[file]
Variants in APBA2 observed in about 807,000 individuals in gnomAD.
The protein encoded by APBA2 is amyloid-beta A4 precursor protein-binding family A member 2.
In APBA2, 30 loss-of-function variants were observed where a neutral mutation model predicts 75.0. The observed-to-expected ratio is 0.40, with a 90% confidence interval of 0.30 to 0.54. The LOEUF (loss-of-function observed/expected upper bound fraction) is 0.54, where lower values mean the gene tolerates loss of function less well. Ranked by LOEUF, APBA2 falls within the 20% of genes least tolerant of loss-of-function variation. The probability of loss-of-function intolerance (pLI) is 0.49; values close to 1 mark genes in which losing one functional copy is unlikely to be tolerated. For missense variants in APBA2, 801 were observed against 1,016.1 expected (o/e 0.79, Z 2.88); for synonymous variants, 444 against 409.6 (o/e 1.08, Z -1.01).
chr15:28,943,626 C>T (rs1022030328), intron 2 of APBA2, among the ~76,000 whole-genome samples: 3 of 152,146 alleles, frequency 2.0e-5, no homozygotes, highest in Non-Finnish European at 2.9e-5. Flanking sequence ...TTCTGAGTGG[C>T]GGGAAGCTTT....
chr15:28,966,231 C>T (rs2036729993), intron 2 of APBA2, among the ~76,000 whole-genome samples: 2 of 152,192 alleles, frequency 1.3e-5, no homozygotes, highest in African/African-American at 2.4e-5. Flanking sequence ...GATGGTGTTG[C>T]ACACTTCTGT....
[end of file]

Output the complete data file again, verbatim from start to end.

Variants in APBA2 observed in about 807,000 individuals in gnomAD.
The protein encoded by APBA2 is amyloid-beta A4 precursor protein-binding family A member 2.
In APBA2, 30 loss-of-function variants were observed where a neutral mutation model predicts 75.0. The observed-to-expected ratio is 0.40, with a 90% confidence interval of 0.30 to 0.54. The LOEUF (loss-of-function observed/expected upper bound fraction) is 0.54, where lower values mean the gene tolerates loss of function less well. Ranked by LOEUF, APBA2 falls within the 20% of genes least tolerant of loss-of-function variation. The probability of loss-of-function intolerance (pLI) is 0.49; values close to 1 mark genes in which losing one functional copy is unlikely to be tolerated. For missense variants in APBA2, 801 were observed against 1,016.1 expected (o/e 0.79, Z 2.88); for synonymous variants, 444 against 409.6 (o/e 1.08, Z -1.01).
chr15:28,943,626 C>T (rs1022030328), intron 2 of APBA2, among the ~76,000 whole-genome samples: 3 of 152,146 alleles, frequency 2.0e-5, no homozygotes, highest in Non-Finnish European at 2.9e-5. Flanking sequence ...TTCTGAGTGG[C>T]GGGAAGCTTT....
chr15:28,966,231 C>T (rs2036729993), intron 2 of APBA2, among the ~76,000 whole-genome samples: 2 of 152,192 alleles, frequency 1.3e-5, no homozygotes, highest in African/African-American at 2.4e-5. Flanking sequence ...GATGGTGTTG[C>T]ACACTTCTGT....